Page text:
What a thrill it was to witness an altercation between the golden eagle and a red-tailed hawk, who incidentally was the aggressor.  As the golden was soaring by, out of nowhere came the red-tailed hawk, all ready to get up in the golden’s face.DSC_3157As the red-tail got closer, the golden simply turned to get a glance at it.DSC_3158It changed it’s direction slightly, as if to brush the red-tail off a bit, but it was relentless in its pursuit and kept attacking the golden.  DSC_3159DSC_3160Eventually, the red-tail hawk and the golden eagle parted ways without too much contact, but it’s always so impressive when the smaller raptor attacks the larger, more powerful one.DSC_3016On the other end of the size spectrum is the American kestrel.  It’s also quite common out here, often seen in the farm lands on just about every block.  DSC_3196Other hawks such as the ferruginous hawk are a thrill to see.DSC_3261A personal favorite of mine are the northern harriers … especially the males, know as the “gray ghost” for obvious reason, which are easily distinguished from the darker reddish brown females.  They say you see females to male in ratios of about 4 to 1, but not on these days … they were seen more like 1 to 3 … males rule!DSC_3205One of the coolest, and most cooperative, sightings during the two trips I attended was this one … it remained a big question as to its identity.  Some thought sharp-shinned, while others thought Cooper’s hawk.  After our leader sent these in to the experts, it was determined to be a 1st year Cooper’s hawk.  What a gorgeous and very tolerant bird.500_3405This hawk practically seemed to be working it for the camera … as it it were dropping clues along the way.  LOL500_3370-Edit-EditAnother great sighting was this one … the prairie falcon.  To me, it looks a bit like a larger version of the kestrel, with a single eye stripe.  Since this day, Tom and I have seen them in various locales … always a thrill to observe and photograph.500_3510A bit off subject, we often find these slying about in the overhead skies.  Apparently, these guys land at GJ airport, where they re-fuel, and then make their way to Colorado Springs.DSC_3166So, basically you  never know what you’re going to find in the overhead skies.  Often, it doesn’t even matter if it “should” be there or not.  Can anyone remember when Jacksonville, FL had a visit paid by a SNOWY OWL?  True story.  🙂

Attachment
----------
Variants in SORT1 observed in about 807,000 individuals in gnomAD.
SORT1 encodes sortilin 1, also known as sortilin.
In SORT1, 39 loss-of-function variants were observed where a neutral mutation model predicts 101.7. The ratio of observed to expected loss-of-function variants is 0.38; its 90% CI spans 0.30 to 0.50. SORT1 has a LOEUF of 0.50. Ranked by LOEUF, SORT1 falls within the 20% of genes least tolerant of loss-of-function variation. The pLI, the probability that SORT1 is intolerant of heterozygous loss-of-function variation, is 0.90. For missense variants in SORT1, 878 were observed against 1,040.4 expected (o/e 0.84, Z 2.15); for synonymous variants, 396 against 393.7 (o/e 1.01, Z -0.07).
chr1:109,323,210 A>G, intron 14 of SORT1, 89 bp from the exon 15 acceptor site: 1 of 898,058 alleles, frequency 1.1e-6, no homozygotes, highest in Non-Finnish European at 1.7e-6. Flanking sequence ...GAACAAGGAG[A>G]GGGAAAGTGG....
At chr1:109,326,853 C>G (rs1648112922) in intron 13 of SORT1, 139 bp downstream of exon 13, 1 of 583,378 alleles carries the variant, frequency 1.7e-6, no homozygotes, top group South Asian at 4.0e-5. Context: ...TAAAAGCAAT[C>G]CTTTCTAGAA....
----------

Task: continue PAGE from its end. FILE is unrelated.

Next up:  Other local fun